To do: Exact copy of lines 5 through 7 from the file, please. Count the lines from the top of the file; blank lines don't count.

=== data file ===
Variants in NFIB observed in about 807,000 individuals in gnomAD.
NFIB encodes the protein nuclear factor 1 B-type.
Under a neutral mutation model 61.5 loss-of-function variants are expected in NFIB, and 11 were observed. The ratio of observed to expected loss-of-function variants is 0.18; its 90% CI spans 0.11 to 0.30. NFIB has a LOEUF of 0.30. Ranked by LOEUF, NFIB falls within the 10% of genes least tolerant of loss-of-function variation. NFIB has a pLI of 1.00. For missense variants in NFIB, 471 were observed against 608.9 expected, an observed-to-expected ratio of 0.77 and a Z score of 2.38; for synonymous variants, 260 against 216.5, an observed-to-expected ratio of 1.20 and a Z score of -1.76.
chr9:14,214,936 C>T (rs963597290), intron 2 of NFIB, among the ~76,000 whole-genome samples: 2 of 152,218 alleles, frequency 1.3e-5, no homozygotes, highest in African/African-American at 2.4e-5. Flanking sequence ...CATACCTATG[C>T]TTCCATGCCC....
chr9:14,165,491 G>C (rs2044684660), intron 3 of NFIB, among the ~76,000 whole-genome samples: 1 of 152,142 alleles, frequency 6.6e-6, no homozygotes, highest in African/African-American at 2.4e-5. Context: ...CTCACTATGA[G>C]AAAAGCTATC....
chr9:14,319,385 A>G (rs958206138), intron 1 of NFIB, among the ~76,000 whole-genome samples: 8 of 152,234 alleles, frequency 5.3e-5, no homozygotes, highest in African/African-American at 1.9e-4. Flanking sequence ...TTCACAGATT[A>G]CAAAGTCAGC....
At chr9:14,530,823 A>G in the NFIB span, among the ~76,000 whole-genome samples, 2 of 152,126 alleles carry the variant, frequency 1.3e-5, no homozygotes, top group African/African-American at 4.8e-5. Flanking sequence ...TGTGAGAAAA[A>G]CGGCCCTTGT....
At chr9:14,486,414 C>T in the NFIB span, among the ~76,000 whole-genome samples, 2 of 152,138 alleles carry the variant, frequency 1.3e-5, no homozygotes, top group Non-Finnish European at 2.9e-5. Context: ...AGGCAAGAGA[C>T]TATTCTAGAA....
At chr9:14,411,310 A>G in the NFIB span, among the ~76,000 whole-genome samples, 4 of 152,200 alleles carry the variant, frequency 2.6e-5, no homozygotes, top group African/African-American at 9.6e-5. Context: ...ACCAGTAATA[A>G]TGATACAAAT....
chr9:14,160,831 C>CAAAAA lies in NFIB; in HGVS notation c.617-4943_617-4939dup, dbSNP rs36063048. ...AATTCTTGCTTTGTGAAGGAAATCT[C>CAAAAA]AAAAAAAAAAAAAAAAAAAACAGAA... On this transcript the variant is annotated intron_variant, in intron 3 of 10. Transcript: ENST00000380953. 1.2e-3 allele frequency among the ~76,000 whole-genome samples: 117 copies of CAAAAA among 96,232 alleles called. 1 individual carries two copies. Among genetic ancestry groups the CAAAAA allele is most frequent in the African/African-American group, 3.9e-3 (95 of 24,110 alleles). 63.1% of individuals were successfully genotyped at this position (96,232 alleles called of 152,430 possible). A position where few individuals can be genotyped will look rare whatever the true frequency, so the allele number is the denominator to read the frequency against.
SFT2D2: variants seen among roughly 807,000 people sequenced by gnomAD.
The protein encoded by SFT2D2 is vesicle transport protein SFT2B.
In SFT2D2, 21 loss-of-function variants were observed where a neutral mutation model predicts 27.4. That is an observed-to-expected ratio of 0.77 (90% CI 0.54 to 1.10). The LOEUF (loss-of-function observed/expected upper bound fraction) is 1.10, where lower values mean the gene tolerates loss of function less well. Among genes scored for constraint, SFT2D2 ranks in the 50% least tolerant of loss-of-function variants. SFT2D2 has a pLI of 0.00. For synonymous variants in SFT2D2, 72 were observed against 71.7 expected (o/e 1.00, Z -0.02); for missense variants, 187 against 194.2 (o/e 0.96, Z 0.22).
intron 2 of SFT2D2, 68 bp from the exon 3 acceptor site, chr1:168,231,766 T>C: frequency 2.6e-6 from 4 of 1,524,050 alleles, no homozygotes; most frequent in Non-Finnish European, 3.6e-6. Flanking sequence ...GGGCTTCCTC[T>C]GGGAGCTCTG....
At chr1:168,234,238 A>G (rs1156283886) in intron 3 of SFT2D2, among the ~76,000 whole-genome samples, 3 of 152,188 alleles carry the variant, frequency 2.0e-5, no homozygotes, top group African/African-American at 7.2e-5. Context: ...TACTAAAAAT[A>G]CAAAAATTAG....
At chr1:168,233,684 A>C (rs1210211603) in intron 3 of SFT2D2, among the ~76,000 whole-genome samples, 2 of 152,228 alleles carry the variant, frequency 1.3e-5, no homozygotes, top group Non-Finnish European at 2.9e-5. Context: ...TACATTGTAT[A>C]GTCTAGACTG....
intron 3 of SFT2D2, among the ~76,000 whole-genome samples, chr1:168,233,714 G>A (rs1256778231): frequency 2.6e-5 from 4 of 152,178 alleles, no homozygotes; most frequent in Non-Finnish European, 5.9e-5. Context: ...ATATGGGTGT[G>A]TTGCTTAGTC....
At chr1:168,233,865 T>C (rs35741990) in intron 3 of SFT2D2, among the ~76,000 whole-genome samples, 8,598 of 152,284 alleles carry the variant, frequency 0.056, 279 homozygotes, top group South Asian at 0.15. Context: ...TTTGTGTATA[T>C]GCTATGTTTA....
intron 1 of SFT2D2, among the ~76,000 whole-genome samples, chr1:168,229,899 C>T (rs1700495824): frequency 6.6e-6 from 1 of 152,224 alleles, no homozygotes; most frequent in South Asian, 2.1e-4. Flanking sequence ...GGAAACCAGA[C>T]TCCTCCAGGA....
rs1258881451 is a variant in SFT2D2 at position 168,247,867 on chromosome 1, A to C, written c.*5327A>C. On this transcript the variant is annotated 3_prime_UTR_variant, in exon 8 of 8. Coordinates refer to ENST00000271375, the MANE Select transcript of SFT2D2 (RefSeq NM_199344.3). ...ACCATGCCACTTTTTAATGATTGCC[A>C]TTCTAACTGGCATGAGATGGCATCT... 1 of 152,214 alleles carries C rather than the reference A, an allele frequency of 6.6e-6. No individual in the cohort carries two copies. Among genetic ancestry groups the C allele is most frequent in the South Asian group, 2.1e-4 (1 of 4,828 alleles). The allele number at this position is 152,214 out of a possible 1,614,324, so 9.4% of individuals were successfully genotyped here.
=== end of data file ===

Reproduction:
chr9:14,165,491 G>C (rs2044684660), intron 3 of NFIB, among the ~76,000 whole-genome samples: 1 of 152,142 alleles, frequency 6.6e-6, no homozygotes, highest in African/African-American at 2.4e-5. Context: ...CTCACTATGA[G>C]AAAAGCTATC....
chr9:14,319,385 A>G (rs958206138), intron 1 of NFIB, among the ~76,000 whole-genome samples: 8 of 152,234 alleles, frequency 5.3e-5, no homozygotes, highest in African/African-American at 1.9e-4. Flanking sequence ...TTCACAGATT[A>G]CAAAGTCAGC....
At chr9:14,530,823 A>G in the NFIB span, among the ~76,000 whole-genome samples, 2 of 152,126 alleles carry the variant, frequency 1.3e-5, no homozygotes, top group African/African-American at 4.8e-5. Flanking sequence ...TGTGAGAAAA[A>G]CGGCCCTTGT....